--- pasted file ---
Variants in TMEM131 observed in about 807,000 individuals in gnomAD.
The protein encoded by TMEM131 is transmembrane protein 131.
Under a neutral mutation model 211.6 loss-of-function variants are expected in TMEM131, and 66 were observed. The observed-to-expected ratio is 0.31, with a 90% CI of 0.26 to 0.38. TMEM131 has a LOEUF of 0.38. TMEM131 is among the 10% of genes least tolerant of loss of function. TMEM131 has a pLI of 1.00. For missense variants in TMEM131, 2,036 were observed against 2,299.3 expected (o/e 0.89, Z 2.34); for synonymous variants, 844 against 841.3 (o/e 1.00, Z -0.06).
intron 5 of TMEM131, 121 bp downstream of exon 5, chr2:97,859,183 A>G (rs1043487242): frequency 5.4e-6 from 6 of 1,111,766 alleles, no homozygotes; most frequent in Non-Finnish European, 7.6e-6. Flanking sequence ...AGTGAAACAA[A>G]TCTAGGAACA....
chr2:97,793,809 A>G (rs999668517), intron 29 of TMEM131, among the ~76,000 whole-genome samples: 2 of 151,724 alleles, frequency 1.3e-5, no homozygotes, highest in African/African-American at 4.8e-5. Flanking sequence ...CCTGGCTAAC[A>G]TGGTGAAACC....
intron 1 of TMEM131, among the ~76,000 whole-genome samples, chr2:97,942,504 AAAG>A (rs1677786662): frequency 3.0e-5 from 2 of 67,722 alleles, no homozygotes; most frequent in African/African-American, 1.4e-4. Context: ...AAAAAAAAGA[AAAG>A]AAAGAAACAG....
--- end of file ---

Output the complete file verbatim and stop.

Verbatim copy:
Variants in TMEM131 observed in about 807,000 individuals in gnomAD.
The protein encoded by TMEM131 is transmembrane protein 131.
Under a neutral mutation model 211.6 loss-of-function variants are expected in TMEM131, and 66 were observed. The observed-to-expected ratio is 0.31, with a 90% CI of 0.26 to 0.38. TMEM131 has a LOEUF of 0.38. TMEM131 is among the 10% of genes least tolerant of loss of function. TMEM131 has a pLI of 1.00. For missense variants in TMEM131, 2,036 were observed against 2,299.3 expected (o/e 0.89, Z 2.34); for synonymous variants, 844 against 841.3 (o/e 1.00, Z -0.06).
intron 5 of TMEM131, 121 bp downstream of exon 5, chr2:97,859,183 A>G (rs1043487242): frequency 5.4e-6 from 6 of 1,111,766 alleles, no homozygotes; most frequent in Non-Finnish European, 7.6e-6. Flanking sequence ...AGTGAAACAA[A>G]TCTAGGAACA....
chr2:97,793,809 A>G (rs999668517), intron 29 of TMEM131, among the ~76,000 whole-genome samples: 2 of 151,724 alleles, frequency 1.3e-5, no homozygotes, highest in African/African-American at 4.8e-5. Flanking sequence ...CCTGGCTAAC[A>G]TGGTGAAACC....
intron 1 of TMEM131, among the ~76,000 whole-genome samples, chr2:97,942,504 AAAG>A (rs1677786662): frequency 3.0e-5 from 2 of 67,722 alleles, no homozygotes; most frequent in African/African-American, 1.4e-4. Context: ...AAAAAAAAGA[AAAG>A]AAAGAAACAG....